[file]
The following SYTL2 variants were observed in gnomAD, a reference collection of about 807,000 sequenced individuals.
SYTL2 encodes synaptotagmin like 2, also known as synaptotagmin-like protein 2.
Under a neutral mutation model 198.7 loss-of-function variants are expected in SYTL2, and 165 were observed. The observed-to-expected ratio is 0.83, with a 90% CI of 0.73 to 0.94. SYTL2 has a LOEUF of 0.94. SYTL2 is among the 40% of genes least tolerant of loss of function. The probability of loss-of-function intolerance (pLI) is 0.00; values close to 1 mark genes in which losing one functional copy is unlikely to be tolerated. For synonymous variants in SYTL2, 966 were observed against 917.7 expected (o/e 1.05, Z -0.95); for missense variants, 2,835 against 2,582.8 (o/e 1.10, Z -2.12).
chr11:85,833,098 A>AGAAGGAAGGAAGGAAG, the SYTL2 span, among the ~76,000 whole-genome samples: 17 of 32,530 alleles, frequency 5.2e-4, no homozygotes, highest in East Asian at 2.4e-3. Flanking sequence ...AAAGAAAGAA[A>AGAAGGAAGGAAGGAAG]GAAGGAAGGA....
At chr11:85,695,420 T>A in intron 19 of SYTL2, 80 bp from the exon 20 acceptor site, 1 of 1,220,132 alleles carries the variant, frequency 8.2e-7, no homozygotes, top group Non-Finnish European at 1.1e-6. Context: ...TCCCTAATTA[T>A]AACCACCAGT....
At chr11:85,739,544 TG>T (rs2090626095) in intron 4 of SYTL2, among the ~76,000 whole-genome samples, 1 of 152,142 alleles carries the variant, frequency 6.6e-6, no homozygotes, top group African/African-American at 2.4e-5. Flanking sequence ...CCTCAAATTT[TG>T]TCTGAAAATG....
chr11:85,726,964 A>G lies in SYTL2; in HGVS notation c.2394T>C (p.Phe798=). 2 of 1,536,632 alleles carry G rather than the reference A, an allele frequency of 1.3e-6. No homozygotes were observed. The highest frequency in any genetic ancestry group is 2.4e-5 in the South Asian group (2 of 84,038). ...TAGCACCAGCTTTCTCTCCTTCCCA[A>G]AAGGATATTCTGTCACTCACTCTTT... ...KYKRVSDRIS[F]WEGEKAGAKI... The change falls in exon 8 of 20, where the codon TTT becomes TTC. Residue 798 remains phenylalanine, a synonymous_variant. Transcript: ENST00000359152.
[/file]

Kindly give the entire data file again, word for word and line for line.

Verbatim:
The following SYTL2 variants were observed in gnomAD, a reference collection of about 807,000 sequenced individuals.
SYTL2 encodes synaptotagmin like 2, also known as synaptotagmin-like protein 2.
Under a neutral mutation model 198.7 loss-of-function variants are expected in SYTL2, and 165 were observed. The observed-to-expected ratio is 0.83, with a 90% CI of 0.73 to 0.94. SYTL2 has a LOEUF of 0.94. SYTL2 is among the 40% of genes least tolerant of loss of function. The probability of loss-of-function intolerance (pLI) is 0.00; values close to 1 mark genes in which losing one functional copy is unlikely to be tolerated. For synonymous variants in SYTL2, 966 were observed against 917.7 expected (o/e 1.05, Z -0.95); for missense variants, 2,835 against 2,582.8 (o/e 1.10, Z -2.12).
chr11:85,833,098 A>AGAAGGAAGGAAGGAAG, the SYTL2 span, among the ~76,000 whole-genome samples: 17 of 32,530 alleles, frequency 5.2e-4, no homozygotes, highest in East Asian at 2.4e-3. Flanking sequence ...AAAGAAAGAA[A>AGAAGGAAGGAAGGAAG]GAAGGAAGGA....
At chr11:85,695,420 T>A in intron 19 of SYTL2, 80 bp from the exon 20 acceptor site, 1 of 1,220,132 alleles carries the variant, frequency 8.2e-7, no homozygotes, top group Non-Finnish European at 1.1e-6. Context: ...TCCCTAATTA[T>A]AACCACCAGT....
At chr11:85,739,544 TG>T (rs2090626095) in intron 4 of SYTL2, among the ~76,000 whole-genome samples, 1 of 152,142 alleles carries the variant, frequency 6.6e-6, no homozygotes, top group African/African-American at 2.4e-5. Flanking sequence ...CCTCAAATTT[TG>T]TCTGAAAATG....
chr11:85,726,964 A>G lies in SYTL2; in HGVS notation c.2394T>C (p.Phe798=). 2 of 1,536,632 alleles carry G rather than the reference A, an allele frequency of 1.3e-6. No homozygotes were observed. The highest frequency in any genetic ancestry group is 2.4e-5 in the South Asian group (2 of 84,038). ...TAGCACCAGCTTTCTCTCCTTCCCA[A>G]AAGGATATTCTGTCACTCACTCTTT... ...KYKRVSDRIS[F]WEGEKAGAKI... The change falls in exon 8 of 20, where the codon TTT becomes TTC. Residue 798 remains phenylalanine, a synonymous_variant. Transcript: ENST00000359152.